73

I have just tried implementing a class where numerous length/count properties, etc. are uint instead of int. However, while doing so I noticed that it's actually painful to do so, like as if no one actually wants to do that.

Nearly everything that hands out an integral type returns an int, therefore requiring casts in several points. I wanted to construct a StringBuffer with its buffer length defaulted to one of the fields in that class. Requires a cast too.

So I wondered whether I should just revert to int here. I'm certainly not using the entire range anyway. I just thought since what I'm dealing with there simply can't be negative (if it was, it'd be an error) it'd be a nice idea to actually use uint.

P.S.: I saw this question and this at least explains why the framework itself always uses int but even in own code it's actually cumbersome to stick to uint which makes me think it apparently isn't really wanted.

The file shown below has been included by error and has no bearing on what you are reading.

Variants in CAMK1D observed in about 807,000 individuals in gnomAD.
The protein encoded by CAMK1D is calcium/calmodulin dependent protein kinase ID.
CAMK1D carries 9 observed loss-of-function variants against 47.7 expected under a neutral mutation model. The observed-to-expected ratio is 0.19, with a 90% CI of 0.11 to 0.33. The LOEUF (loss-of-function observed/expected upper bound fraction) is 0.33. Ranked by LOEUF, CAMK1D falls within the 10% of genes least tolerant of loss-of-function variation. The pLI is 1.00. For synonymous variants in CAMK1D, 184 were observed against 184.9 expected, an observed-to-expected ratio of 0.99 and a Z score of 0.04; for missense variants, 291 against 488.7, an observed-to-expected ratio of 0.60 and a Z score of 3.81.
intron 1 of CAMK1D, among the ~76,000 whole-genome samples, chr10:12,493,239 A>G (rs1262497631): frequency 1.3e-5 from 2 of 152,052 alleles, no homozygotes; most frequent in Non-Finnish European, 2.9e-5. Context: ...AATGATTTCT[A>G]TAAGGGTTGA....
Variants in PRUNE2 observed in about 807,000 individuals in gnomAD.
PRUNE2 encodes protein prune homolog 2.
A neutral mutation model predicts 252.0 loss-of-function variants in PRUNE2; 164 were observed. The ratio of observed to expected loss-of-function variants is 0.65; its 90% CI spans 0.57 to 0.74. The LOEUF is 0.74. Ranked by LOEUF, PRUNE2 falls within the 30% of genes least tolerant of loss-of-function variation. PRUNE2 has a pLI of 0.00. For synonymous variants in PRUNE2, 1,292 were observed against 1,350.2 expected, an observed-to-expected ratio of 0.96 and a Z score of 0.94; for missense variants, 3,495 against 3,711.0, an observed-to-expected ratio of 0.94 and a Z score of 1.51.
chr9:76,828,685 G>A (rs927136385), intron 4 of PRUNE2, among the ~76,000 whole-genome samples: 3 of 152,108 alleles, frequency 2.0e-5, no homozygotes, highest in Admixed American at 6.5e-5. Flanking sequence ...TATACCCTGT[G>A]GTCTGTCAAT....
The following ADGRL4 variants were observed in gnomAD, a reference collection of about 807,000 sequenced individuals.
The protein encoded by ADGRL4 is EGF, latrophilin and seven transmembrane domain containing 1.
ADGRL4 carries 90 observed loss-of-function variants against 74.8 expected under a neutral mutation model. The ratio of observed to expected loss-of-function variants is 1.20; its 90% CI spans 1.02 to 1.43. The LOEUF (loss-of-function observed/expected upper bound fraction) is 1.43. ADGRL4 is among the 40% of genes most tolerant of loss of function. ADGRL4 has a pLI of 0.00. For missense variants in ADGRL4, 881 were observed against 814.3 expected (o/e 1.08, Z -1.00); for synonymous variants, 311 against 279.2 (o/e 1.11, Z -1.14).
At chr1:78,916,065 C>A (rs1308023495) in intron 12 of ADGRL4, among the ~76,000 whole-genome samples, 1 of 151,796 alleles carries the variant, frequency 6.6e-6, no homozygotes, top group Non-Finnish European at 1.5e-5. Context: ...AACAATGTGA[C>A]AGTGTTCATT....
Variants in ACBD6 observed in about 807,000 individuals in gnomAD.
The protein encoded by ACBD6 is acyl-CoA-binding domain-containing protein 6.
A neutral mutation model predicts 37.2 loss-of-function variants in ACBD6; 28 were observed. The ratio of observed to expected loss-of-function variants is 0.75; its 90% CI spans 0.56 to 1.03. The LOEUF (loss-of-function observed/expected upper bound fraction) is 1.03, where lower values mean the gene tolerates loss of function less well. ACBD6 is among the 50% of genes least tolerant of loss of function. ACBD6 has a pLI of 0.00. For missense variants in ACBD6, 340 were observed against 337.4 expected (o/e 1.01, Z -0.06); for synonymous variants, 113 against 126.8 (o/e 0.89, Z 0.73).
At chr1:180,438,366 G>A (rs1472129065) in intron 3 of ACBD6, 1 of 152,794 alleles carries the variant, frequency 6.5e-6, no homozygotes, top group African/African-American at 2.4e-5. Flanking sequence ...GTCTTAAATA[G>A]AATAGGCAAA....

40

While strictly you should use uint for variables that hold non-negative integer you have come across one of reasons why it's not always practicable.

In this case I don't think the reduction in readability that comes with having to do casts is worth it.

  • 2
    Its hard to say , i dont think the casts reduce legability a lot for just indexers and you can create a wrapper. And ints that become negative are painful and expensive bugs. – user1496062 Jul 4 '13 at 3:04
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    If you have to create a wrapper for an int then you have more than readability problems :) – S.. Jan 22 '14 at 10:40
57

I'll add to the other answers also that using uint as type of a public field, property, method, parameter, and so on, is a violation of the Common Language Specification rules and to be avoided when possible.

  • 3
    And I got burnt by Microsoft strictly following that. It turns out that IntPtr should have had a uint constructor. – Joshua Jun 3 '10 at 3:49